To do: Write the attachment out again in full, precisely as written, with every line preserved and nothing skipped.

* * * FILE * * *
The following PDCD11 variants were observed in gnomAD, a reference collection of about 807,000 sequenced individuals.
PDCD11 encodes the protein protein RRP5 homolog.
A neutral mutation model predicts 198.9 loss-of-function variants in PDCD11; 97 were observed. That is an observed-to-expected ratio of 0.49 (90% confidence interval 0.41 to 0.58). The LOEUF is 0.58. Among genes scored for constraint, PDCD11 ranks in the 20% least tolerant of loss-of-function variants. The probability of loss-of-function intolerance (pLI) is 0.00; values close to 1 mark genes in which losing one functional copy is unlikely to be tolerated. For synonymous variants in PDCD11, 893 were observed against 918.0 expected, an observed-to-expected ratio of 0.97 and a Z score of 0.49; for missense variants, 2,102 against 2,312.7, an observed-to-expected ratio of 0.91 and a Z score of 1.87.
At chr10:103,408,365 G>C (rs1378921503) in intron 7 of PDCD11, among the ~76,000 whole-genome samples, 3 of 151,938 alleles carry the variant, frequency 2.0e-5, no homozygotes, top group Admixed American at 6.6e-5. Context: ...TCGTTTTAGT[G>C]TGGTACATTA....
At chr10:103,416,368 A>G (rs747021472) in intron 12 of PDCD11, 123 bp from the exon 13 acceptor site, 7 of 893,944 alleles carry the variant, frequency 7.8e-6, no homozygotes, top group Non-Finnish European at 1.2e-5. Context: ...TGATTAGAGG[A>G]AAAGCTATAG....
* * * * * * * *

The following PDCD11 variants were observed in gnomAD, a reference collection of about 807,000 sequenced individuals.
PDCD11 encodes the protein protein RRP5 homolog.
A neutral mutation model predicts 198.9 loss-of-function variants in PDCD11; 97 were observed. That is an observed-to-expected ratio of 0.49 (90% confidence interval 0.41 to 0.58). The LOEUF is 0.58. Among genes scored for constraint, PDCD11 ranks in the 20% least tolerant of loss-of-function variants. The probability of loss-of-function intolerance (pLI) is 0.00; values close to 1 mark genes in which losing one functional copy is unlikely to be tolerated. For synonymous variants in PDCD11, 893 were observed against 918.0 expected, an observed-to-expected ratio of 0.97 and a Z score of 0.49; for missense variants, 2,102 against 2,312.7, an observed-to-expected ratio of 0.91 and a Z score of 1.87.
At chr10:103,408,365 G>C (rs1378921503) in intron 7 of PDCD11, among the ~76,000 whole-genome samples, 3 of 151,938 alleles carry the variant, frequency 2.0e-5, no homozygotes, top group Admixed American at 6.6e-5. Context: ...TCGTTTTAGT[G>C]TGGTACATTA....
At chr10:103,416,368 A>G (rs747021472) in intron 12 of PDCD11, 123 bp from the exon 13 acceptor site, 7 of 893,944 alleles carry the variant, frequency 7.8e-6, no homozygotes, top group Non-Finnish European at 1.2e-5. Context: ...TGATTAGAGG[A>G]AAAGCTATAG....